Sister Nancy will perform the two-hour show as a fundraiser for the Mariandale Retreat and Conference Center in Ossining, New York, on Sunday, Oct. 14 at 12:30 p.m. She wrote the show at the behest of a panel for the Dominican Leadership Conference (DLC) in 2000. Based on recent translations of 400 letters in which the 14th century Italian saint debated political and church issues of the day with princes, cardinals and popes, it shows Catherine as a precocious but rebellious child in a large Tuscan family who grew up to be a “radical feminist” with lots of spunk and humor, says Sister Nancy.
Catherine wielded extraordinary influence for a woman of her time, and is credited with helping to influence Pope Gregory XI to bring the Papacy back from Avignon to Rome and to reform the clergy. Catherine, who died at 33, is a Doctor of the Church and, with St. Dominic, considered a co-founder of the Dominican Order. “She was strong and feisty,” Sister Nancy says, “but her affection was irresistible.”
And why does Sister Nancy call her “a woman for our times”? Parallels abound, says Sister Nancy, between St. Catherine’s 14th century world and ours—including a health scourge (the plague then, AIDS now), wars, a failure to take care of the poor and, of course, troubles within the church.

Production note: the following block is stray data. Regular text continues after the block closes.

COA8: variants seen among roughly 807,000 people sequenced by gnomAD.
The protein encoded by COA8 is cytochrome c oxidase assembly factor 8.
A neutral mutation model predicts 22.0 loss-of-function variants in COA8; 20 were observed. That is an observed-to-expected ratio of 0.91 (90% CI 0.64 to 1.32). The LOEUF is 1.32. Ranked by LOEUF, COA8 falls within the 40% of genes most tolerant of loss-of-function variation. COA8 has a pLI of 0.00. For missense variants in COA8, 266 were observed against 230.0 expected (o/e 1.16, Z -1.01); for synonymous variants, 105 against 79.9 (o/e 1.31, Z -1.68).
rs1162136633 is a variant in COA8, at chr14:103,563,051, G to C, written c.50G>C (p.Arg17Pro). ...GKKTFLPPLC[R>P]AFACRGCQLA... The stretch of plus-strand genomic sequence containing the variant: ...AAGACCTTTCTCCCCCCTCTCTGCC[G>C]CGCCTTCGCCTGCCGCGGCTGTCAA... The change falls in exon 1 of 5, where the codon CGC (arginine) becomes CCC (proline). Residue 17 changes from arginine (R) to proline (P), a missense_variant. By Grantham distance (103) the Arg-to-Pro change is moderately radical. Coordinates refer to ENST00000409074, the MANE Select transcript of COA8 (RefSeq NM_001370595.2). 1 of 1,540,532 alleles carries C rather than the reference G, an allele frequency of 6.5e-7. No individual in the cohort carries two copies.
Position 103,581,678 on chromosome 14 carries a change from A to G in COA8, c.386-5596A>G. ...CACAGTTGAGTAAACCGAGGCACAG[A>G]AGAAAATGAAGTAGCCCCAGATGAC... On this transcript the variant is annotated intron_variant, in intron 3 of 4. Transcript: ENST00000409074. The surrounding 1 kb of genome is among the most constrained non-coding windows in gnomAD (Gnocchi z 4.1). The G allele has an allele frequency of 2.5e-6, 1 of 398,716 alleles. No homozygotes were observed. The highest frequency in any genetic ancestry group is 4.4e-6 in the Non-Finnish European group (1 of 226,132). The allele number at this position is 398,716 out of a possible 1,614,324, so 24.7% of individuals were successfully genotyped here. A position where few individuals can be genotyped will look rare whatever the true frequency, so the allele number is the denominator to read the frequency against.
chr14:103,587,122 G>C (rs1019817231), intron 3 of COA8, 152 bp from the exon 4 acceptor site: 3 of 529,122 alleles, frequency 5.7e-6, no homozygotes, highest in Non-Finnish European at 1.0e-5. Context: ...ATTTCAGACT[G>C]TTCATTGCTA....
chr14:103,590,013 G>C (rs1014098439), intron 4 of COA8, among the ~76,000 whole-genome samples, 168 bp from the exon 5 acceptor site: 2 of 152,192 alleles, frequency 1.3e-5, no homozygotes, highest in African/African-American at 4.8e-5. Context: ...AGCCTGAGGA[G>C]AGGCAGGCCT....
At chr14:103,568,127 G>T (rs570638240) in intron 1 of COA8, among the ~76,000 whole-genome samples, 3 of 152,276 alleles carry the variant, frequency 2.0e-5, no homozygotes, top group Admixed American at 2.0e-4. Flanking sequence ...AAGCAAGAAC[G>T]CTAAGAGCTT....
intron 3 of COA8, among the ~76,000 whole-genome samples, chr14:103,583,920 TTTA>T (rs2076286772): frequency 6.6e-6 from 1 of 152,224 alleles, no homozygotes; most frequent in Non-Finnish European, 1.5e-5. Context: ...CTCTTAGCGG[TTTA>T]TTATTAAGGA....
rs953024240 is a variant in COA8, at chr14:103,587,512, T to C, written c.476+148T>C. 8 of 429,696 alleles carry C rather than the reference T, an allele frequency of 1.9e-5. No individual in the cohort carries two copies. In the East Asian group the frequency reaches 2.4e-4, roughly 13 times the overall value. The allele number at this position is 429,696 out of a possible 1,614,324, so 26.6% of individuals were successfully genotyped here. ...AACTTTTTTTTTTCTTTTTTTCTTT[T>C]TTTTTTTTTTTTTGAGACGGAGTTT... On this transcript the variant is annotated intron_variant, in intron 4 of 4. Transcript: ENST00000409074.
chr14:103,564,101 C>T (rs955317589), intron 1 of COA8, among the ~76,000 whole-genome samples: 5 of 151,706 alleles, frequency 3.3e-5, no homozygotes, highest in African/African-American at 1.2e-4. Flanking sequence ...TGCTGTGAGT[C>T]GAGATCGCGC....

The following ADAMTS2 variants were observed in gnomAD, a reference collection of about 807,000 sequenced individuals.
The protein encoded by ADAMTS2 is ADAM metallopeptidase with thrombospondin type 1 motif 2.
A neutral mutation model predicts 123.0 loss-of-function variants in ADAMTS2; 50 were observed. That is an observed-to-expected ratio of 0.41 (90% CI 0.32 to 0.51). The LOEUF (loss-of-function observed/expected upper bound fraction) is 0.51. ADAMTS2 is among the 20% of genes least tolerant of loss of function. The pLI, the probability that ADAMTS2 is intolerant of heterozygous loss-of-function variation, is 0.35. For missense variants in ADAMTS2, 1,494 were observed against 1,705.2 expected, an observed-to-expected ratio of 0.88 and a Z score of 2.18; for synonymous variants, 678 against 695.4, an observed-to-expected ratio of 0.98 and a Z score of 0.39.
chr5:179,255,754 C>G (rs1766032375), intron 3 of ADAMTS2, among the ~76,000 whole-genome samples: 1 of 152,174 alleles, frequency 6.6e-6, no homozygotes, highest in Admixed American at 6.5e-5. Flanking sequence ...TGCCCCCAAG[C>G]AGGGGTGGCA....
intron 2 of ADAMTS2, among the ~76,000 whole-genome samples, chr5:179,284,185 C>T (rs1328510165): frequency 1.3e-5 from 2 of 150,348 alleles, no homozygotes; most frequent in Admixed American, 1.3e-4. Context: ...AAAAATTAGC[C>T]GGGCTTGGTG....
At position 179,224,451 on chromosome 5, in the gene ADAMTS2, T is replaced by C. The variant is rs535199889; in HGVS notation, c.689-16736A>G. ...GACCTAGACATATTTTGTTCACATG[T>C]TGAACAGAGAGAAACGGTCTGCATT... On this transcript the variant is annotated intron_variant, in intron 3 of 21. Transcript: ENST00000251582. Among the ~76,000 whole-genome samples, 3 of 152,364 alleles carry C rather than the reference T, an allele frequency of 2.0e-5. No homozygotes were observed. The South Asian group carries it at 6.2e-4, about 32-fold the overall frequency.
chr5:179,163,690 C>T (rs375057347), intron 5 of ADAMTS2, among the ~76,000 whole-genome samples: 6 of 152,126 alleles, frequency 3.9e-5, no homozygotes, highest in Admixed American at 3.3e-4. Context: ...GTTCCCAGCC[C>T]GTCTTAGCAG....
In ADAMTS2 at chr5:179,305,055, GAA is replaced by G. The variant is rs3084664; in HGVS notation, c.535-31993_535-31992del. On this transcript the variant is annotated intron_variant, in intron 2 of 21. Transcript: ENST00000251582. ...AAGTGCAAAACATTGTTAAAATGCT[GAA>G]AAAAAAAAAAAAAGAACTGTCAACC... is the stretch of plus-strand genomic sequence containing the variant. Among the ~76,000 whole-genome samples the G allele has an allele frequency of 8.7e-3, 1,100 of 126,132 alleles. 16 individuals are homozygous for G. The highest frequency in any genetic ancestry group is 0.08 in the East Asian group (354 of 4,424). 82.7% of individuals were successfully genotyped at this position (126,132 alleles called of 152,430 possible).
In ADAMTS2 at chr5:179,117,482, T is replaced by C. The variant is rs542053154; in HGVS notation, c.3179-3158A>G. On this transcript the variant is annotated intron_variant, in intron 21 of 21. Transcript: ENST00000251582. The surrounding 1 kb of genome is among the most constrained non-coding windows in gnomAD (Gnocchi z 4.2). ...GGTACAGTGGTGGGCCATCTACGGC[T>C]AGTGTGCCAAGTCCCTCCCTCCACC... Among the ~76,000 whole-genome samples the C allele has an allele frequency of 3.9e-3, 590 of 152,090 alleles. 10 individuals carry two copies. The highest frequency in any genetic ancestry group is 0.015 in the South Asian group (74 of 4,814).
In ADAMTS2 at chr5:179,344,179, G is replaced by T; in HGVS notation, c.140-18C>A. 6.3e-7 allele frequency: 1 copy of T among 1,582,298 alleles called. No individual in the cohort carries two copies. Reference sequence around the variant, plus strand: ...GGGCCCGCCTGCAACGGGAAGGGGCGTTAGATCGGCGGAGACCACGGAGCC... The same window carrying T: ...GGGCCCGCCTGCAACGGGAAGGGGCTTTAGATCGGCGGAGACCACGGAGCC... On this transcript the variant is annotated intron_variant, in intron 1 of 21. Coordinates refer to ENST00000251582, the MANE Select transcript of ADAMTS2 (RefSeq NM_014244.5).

Catherine, in Sister Nancy’s words, “will ever be the voice of the humble, the one who speaks truth to power.” And playing her onstage so many times has inevitably affected Sister Nancy: “I can’t keep doing her lines without saying ‘I’ve got to write to the government’” to protest or to plead for something she believes in—such as helping the poor. When she is not onstage, Sister Nancy works in a shelter in Chicago, doing the women’s laundry, or with migrant children.
While she isn’t planning to doff St. Catherine’s habit just yet, Sister Nancy is starting to branch out a bit. The Sisters of Notre Dame de Namur have asked her to tell the story of Sister Dorothy Stang—an advocate of the rural poor in the Brazilian rainforest who was murdered by two ranchers for her convictions—and she is working on a script for a play about Karen Klimczak, the Sister of St. Joseph who worked tirelessly on behalf of ex-prisoners—and who was murdered on Good Friday, 2006, by a parolee.
“People love stories,” observes Sister Nancy, “and these are stories they need to hear.”
“St. Catherine of Siena: A Woman for Our Times” will be performed at Mariandale Retreat and Conference Center, a sponsored ministry of the Dominican Sisters of Hope, in Ossining, New York, on Sunday, Oct. 14. Tickets are $35 for a matinee and lunch. There will be two seatings, first seating 11:30 lunch and 12:30 matinee, second seating 12:30 matinee and 2:30 lunch. Call (914) 941-4455 for more information or reservations or visit www.mariandale.org.
Alison Faubert is communications director for the Dominican Sisters of Hope
The Dominican Family Justice and Peace Commission in Mexico wrote a letter to the Dominican family in the United States, seeking solidarity with their Caravan for Peace, which began Aug. 12 and continues through Sept. 12. Participants in the caravan are family members of victims of violence in Mexico. The caravan will be hosted by U.S. Dominicans at several locations throughout the U.S. More photos and information about the caravan will be posted in the Sept. 12 DomLife update.